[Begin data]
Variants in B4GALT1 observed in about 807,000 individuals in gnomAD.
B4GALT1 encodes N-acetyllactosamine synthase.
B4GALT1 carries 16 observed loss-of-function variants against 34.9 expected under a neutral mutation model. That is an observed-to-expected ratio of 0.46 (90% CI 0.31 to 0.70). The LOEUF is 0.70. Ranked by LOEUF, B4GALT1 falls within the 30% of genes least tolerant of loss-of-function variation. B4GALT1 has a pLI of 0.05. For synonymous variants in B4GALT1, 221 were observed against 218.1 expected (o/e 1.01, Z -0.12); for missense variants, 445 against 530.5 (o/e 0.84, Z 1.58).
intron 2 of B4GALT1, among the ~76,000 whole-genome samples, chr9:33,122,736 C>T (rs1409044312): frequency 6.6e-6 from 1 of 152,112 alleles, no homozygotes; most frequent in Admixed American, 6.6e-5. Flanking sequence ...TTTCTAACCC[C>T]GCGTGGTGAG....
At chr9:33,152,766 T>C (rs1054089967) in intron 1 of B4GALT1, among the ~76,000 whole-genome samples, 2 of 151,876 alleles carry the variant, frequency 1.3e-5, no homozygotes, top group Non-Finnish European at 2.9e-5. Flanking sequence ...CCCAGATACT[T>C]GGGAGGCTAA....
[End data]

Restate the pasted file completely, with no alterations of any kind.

Variants in B4GALT1 observed in about 807,000 individuals in gnomAD.
B4GALT1 encodes N-acetyllactosamine synthase.
B4GALT1 carries 16 observed loss-of-function variants against 34.9 expected under a neutral mutation model. That is an observed-to-expected ratio of 0.46 (90% CI 0.31 to 0.70). The LOEUF is 0.70. Ranked by LOEUF, B4GALT1 falls within the 30% of genes least tolerant of loss-of-function variation. B4GALT1 has a pLI of 0.05. For synonymous variants in B4GALT1, 221 were observed against 218.1 expected (o/e 1.01, Z -0.12); for missense variants, 445 against 530.5 (o/e 0.84, Z 1.58).
intron 2 of B4GALT1, among the ~76,000 whole-genome samples, chr9:33,122,736 C>T (rs1409044312): frequency 6.6e-6 from 1 of 152,112 alleles, no homozygotes; most frequent in Admixed American, 6.6e-5. Flanking sequence ...TTTCTAACCC[C>T]GCGTGGTGAG....
At chr9:33,152,766 T>C (rs1054089967) in intron 1 of B4GALT1, among the ~76,000 whole-genome samples, 2 of 151,876 alleles carry the variant, frequency 1.3e-5, no homozygotes, top group Non-Finnish European at 2.9e-5. Flanking sequence ...CCCAGATACT[T>C]GGGAGGCTAA....